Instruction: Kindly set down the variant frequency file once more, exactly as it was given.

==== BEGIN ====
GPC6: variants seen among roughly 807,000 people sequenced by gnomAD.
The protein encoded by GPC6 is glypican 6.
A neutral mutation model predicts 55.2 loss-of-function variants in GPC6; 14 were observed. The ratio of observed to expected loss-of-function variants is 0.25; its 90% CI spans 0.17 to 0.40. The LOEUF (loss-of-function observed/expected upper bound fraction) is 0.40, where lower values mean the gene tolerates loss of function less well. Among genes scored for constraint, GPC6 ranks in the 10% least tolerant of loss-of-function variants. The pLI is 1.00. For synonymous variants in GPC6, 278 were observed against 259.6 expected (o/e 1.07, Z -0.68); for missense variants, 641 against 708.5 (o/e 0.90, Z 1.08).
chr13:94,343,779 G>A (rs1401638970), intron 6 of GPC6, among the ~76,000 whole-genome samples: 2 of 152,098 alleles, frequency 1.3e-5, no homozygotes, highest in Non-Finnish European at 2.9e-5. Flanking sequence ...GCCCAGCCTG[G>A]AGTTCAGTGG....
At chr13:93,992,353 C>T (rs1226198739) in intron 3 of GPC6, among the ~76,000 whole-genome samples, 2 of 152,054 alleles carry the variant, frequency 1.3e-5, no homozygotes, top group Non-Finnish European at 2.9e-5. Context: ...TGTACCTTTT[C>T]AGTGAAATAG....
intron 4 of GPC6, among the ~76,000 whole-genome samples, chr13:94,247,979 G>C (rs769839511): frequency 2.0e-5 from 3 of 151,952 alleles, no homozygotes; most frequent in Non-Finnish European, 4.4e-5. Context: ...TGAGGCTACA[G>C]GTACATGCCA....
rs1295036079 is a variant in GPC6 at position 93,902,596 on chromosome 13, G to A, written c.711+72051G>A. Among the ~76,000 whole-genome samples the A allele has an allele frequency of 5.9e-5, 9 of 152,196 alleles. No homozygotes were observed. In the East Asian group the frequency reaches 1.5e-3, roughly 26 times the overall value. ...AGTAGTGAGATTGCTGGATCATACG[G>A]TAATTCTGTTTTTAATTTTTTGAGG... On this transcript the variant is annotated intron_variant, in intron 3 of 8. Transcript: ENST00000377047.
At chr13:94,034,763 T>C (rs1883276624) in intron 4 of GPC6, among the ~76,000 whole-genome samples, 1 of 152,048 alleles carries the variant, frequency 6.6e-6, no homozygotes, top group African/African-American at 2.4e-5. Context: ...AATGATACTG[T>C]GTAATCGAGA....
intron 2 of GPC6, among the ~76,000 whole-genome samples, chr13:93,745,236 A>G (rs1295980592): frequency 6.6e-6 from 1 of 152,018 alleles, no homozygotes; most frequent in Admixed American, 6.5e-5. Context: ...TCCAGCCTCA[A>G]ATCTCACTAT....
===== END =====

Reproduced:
GPC6: variants seen among roughly 807,000 people sequenced by gnomAD.
The protein encoded by GPC6 is glypican 6.
A neutral mutation model predicts 55.2 loss-of-function variants in GPC6; 14 were observed. The ratio of observed to expected loss-of-function variants is 0.25; its 90% CI spans 0.17 to 0.40. The LOEUF (loss-of-function observed/expected upper bound fraction) is 0.40, where lower values mean the gene tolerates loss of function less well. Among genes scored for constraint, GPC6 ranks in the 10% least tolerant of loss-of-function variants. The pLI is 1.00. For synonymous variants in GPC6, 278 were observed against 259.6 expected (o/e 1.07, Z -0.68); for missense variants, 641 against 708.5 (o/e 0.90, Z 1.08).
chr13:94,343,779 G>A (rs1401638970), intron 6 of GPC6, among the ~76,000 whole-genome samples: 2 of 152,098 alleles, frequency 1.3e-5, no homozygotes, highest in Non-Finnish European at 2.9e-5. Flanking sequence ...GCCCAGCCTG[G>A]AGTTCAGTGG....
At chr13:93,992,353 C>T (rs1226198739) in intron 3 of GPC6, among the ~76,000 whole-genome samples, 2 of 152,054 alleles carry the variant, frequency 1.3e-5, no homozygotes, top group Non-Finnish European at 2.9e-5. Context: ...TGTACCTTTT[C>T]AGTGAAATAG....
intron 4 of GPC6, among the ~76,000 whole-genome samples, chr13:94,247,979 G>C (rs769839511): frequency 2.0e-5 from 3 of 151,952 alleles, no homozygotes; most frequent in Non-Finnish European, 4.4e-5. Context: ...TGAGGCTACA[G>C]GTACATGCCA....
rs1295036079 is a variant in GPC6 at position 93,902,596 on chromosome 13, G to A, written c.711+72051G>A. Among the ~76,000 whole-genome samples the A allele has an allele frequency of 5.9e-5, 9 of 152,196 alleles. No homozygotes were observed. In the East Asian group the frequency reaches 1.5e-3, roughly 26 times the overall value. ...AGTAGTGAGATTGCTGGATCATACG[G>A]TAATTCTGTTTTTAATTTTTTGAGG... On this transcript the variant is annotated intron_variant, in intron 3 of 8. Transcript: ENST00000377047.
At chr13:94,034,763 T>C (rs1883276624) in intron 4 of GPC6, among the ~76,000 whole-genome samples, 1 of 152,048 alleles carries the variant, frequency 6.6e-6, no homozygotes, top group African/African-American at 2.4e-5. Context: ...AATGATACTG[T>C]GTAATCGAGA....
intron 2 of GPC6, among the ~76,000 whole-genome samples, chr13:93,745,236 A>G (rs1295980592): frequency 6.6e-6 from 1 of 152,018 alleles, no homozygotes; most frequent in Admixed American, 6.5e-5. Context: ...TCCAGCCTCA[A>G]ATCTCACTAT....